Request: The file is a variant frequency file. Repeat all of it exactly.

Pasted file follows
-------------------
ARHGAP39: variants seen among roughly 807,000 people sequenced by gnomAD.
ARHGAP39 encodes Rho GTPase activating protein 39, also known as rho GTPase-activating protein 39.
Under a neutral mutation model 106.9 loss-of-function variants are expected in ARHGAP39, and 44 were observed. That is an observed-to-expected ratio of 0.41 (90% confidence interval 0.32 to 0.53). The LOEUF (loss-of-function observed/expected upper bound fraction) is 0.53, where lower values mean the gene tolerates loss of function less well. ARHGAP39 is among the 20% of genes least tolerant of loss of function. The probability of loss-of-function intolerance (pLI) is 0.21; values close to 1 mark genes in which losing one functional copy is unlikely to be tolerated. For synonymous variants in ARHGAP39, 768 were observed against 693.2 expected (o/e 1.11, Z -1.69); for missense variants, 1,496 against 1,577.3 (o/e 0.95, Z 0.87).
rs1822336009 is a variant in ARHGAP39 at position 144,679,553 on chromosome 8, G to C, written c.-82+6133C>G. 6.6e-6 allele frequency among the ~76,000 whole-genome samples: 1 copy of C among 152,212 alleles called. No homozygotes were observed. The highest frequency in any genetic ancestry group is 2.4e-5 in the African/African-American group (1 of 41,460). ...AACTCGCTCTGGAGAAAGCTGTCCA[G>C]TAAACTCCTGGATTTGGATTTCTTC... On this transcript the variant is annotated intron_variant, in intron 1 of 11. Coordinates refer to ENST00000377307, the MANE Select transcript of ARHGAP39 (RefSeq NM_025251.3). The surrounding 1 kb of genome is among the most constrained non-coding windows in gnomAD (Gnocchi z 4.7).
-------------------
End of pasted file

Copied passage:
ARHGAP39: variants seen among roughly 807,000 people sequenced by gnomAD.
ARHGAP39 encodes Rho GTPase activating protein 39, also known as rho GTPase-activating protein 39.
Under a neutral mutation model 106.9 loss-of-function variants are expected in ARHGAP39, and 44 were observed. That is an observed-to-expected ratio of 0.41 (90% confidence interval 0.32 to 0.53). The LOEUF (loss-of-function observed/expected upper bound fraction) is 0.53, where lower values mean the gene tolerates loss of function less well. ARHGAP39 is among the 20% of genes least tolerant of loss of function. The probability of loss-of-function intolerance (pLI) is 0.21; values close to 1 mark genes in which losing one functional copy is unlikely to be tolerated. For synonymous variants in ARHGAP39, 768 were observed against 693.2 expected (o/e 1.11, Z -1.69); for missense variants, 1,496 against 1,577.3 (o/e 0.95, Z 0.87).
rs1822336009 is a variant in ARHGAP39 at position 144,679,553 on chromosome 8, G to C, written c.-82+6133C>G. 6.6e-6 allele frequency among the ~76,000 whole-genome samples: 1 copy of C among 152,212 alleles called. No homozygotes were observed. The highest frequency in any genetic ancestry group is 2.4e-5 in the African/African-American group (1 of 41,460). ...AACTCGCTCTGGAGAAAGCTGTCCA[G>C]TAAACTCCTGGATTTGGATTTCTTC... On this transcript the variant is annotated intron_variant, in intron 1 of 11. Coordinates refer to ENST00000377307, the MANE Select transcript of ARHGAP39 (RefSeq NM_025251.3). The surrounding 1 kb of genome is among the most constrained non-coding windows in gnomAD (Gnocchi z 4.7).